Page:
Mike Drop: We must facilitate youth civic engagement, even from home!

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Hi, everyone. I hope you’re all safe and healthy and have adjusted well to these strange, unprecedented times. Today I’d like to discuss something that doesn’t sit right with me (besides the coronavirus outbreak). Young people, particularly those between the ages of 18 and 24, make up our largest voting bloc. So naturally, they make up the majority rule in our elections, right? 

Well, disturbingly enough, we actually turn out at the lowest rates of any age group, according to the United States Elections Project’s voter turnout demographics. We’re all members of this voting bloc that’s turning out at criminally low rates, so it’s imperative that we reverse this trend and establish a routine of civic engagement immediately.

I’ve had this nerdy enthusiasm for civic engagement dating back to sixth grade, when I handed out sheets to my classmates listing every major presidential candidate. As a member of UConnPIRG, I’ve also registered students to vote on-campus for the last couple of years. I guess some things just don’t change, much like the importance of voting in our elections! Youth civic engagement has been hampered by restrictive policies, misinformation and a general lack of amenities and services. My ultimate goal is to discuss ways to strengthen our democracy so that we all can perform our civic duty.

Before we go out and vote, we must ensure we’re able to do so. Unfortunately, this might not be the case for all of us, because restrictive voter ID legislation has suppressed our voting rights. According to Wendy Underhill of the National Conference of State Legislatures, 34 of our 50 states request or require voters to show a form of ID, and 10 of these states have strict regulations. It’s simply disgraceful that we allow this to happen, especially because, as the American Civil Liberties Union argues, these voter ID laws are inherently biased against low-income people, racial and ethnic minorities, the elderly and the disabled. Plus, widespread concerns of intentional voter fraud aren’t well-founded. We must overhaul these laws that deprive many Americans of their right to vote, lead to lower turnout across the board and fly in the face of our supposed democracy.

Once we ensure our ability to vote, it’s time to look into the people up for our vote. But it can be difficult to conduct our due research effectively. After all, we’re not well-informed about our political candidates and their policy stances on critical issues. The info and perspectives presented by mainstream media are often distorted by big money and sensationalism, so it can be difficult to trust what you read and hear, or to find unbiased sources. That’s why we should follow the League of Women Voters’ seven-step process of judging a candidate, which is to decide what you’re looking for in a candidate, find out about the candidates, gather materials about the candidates, evaluate candidates’ stances on issues, learn about the candidates’ leadership abilities, learn how other people view the candidates, and sort it all out, while seeing through distortion techniques. Once we objectively and definitively know that candidates are generally sound and addressing our needs, we’ll feel more invested in the process.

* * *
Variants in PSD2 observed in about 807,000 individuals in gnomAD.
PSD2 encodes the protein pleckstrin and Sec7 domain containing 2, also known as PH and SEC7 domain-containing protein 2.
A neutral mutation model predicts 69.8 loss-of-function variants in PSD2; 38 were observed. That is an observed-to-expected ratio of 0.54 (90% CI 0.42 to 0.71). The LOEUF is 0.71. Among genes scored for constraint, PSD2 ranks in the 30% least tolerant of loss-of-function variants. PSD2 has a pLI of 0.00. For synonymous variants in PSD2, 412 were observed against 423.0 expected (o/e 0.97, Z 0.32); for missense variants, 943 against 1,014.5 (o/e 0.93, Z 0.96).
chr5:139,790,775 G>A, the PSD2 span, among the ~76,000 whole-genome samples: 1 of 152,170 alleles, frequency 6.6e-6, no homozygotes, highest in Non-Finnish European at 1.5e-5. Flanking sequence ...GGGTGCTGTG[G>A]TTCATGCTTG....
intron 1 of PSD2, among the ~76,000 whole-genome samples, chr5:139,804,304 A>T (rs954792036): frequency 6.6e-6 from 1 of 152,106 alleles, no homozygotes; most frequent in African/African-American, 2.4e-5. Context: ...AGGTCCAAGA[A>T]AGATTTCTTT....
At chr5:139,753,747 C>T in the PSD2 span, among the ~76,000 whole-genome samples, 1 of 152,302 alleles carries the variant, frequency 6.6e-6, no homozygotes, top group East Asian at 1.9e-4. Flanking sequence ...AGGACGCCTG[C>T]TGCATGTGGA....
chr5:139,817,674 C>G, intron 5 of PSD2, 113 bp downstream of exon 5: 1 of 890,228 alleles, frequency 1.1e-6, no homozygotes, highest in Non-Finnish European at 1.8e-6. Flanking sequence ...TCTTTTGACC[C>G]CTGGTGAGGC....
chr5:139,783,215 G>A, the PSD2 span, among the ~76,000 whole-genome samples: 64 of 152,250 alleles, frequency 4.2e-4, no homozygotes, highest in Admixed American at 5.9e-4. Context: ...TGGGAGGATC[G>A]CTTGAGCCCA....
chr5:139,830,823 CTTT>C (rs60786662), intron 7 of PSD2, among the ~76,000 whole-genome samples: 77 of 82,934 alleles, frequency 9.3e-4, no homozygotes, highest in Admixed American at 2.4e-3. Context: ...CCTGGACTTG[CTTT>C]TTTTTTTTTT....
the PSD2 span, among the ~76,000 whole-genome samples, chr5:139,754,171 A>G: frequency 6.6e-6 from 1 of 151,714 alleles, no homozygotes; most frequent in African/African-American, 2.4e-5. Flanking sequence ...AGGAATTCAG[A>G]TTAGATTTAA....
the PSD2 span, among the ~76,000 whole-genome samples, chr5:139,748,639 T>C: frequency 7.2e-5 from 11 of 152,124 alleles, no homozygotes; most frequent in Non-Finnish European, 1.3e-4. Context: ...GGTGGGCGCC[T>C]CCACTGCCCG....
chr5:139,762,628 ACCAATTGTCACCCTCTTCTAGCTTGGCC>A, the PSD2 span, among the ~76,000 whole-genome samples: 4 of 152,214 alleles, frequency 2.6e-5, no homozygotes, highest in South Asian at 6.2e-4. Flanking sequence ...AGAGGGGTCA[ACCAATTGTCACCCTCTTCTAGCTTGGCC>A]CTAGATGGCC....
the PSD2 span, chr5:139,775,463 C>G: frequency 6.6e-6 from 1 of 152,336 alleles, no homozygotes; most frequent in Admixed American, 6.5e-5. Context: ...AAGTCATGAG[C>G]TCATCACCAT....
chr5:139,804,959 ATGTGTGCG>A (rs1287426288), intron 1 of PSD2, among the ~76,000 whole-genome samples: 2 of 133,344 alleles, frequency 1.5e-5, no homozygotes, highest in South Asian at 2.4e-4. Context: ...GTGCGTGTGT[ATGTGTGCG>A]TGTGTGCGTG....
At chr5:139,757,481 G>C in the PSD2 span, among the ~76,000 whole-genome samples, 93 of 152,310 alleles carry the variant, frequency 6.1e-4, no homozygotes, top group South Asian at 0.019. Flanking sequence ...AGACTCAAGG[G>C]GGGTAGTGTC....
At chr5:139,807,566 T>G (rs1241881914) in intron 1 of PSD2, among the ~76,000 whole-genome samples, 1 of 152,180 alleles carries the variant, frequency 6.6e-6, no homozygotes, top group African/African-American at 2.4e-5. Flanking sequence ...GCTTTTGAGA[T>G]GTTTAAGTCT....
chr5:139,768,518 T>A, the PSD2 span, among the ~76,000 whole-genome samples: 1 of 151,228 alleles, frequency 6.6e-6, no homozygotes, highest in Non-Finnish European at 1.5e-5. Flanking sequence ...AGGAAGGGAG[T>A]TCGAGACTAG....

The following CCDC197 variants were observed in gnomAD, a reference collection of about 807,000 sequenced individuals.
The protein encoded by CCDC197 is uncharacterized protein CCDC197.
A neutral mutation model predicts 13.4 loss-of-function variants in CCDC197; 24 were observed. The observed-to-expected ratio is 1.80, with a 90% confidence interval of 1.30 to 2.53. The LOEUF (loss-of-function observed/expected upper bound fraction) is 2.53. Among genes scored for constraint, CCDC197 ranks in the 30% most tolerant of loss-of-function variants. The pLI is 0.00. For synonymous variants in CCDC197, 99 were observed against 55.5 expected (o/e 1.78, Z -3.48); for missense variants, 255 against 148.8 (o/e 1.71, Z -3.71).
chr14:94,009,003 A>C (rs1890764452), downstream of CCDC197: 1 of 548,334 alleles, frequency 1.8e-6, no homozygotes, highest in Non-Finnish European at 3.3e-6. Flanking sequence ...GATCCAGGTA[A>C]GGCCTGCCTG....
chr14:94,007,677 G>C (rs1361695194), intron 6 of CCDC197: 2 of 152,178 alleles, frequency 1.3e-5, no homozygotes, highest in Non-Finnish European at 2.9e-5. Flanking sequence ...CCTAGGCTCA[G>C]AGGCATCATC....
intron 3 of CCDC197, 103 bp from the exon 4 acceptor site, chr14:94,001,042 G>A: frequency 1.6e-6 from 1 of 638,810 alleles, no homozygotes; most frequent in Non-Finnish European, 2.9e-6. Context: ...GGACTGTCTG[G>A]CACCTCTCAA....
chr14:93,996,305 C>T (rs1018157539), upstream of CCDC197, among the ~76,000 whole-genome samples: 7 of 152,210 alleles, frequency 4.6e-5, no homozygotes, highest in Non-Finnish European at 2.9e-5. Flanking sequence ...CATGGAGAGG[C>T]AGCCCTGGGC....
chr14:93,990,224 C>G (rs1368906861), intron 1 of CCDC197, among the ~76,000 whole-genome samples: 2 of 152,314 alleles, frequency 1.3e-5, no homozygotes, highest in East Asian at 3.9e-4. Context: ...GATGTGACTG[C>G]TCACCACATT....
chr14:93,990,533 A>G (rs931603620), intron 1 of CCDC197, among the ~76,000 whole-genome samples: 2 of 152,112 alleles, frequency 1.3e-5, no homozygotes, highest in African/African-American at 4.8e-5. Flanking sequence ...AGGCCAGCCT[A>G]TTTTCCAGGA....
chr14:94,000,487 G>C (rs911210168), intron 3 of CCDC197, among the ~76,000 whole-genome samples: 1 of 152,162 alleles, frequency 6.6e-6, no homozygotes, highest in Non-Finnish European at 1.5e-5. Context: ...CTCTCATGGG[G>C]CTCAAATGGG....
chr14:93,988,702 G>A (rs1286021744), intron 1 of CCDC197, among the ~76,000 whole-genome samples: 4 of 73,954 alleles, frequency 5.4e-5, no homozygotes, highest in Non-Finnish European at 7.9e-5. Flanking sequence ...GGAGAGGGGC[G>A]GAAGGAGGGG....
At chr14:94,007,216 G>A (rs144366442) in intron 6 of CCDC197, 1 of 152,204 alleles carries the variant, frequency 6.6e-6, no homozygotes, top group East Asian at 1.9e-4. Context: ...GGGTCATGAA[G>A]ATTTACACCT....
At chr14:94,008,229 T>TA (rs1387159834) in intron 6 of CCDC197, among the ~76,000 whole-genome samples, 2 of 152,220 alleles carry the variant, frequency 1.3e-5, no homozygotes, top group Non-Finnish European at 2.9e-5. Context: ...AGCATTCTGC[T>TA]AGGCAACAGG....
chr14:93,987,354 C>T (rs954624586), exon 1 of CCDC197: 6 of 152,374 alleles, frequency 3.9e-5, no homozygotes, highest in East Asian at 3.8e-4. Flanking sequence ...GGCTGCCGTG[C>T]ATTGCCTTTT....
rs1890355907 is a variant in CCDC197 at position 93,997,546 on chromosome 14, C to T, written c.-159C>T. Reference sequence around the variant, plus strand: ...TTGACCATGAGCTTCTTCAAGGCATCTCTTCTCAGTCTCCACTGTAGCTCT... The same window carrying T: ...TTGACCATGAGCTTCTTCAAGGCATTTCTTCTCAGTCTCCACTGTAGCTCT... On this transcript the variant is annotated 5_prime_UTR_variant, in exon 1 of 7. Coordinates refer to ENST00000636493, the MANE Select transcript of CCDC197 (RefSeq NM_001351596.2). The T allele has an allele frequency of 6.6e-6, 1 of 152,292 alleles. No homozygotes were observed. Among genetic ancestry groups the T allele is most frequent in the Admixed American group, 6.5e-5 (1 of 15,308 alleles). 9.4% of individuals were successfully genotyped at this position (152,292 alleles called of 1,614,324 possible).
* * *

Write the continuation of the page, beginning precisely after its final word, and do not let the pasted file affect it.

But this all leads into the biggest reason why youth voter turnout isn’t nearly as high as it should be, which is that our universities and local communities haven’t done enough to institutionalize civic engagement. For example, why not increase the number of polling locations on college campuses and nationwide? What about providing public transportation to the polls, and making Election Day a national holiday? Where are the educational materials for voters? What about automatic voter registration, and allowing us to mail in our votes, especially now? Just think of your home as yet another polling location! Ask yourself these questions and demand your local legislators enact such provisions. And in short, I ask you all to vote in every election and help others follow suit.

Ultimately, we must demand better of society and instill an environment that motivates us all to fulfill our civic duty. Again, we can’t allow restrictive policies, misinformation or a general lack of amenities and services to obstruct our ability to engage in democracy. Remember that your vote is your voice. So let’s go make our voices heard, and then when we outpace our elders in voter turnout, we can cry out “Ok, boomer” in the most empowering way imaginable! Thanks for listening.

Disclaimer: The views and opinions expressed by individual writers in the opinion section do not reflect the views and opinions of The Daily Campus or other staff members. Only articles labeled “Editorial” are the official opinions of The Daily Campus.

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Michael Katz is a weekly columnist for The Daily Campus. He can be reached via email at michael.i.katz@uconn.edu.

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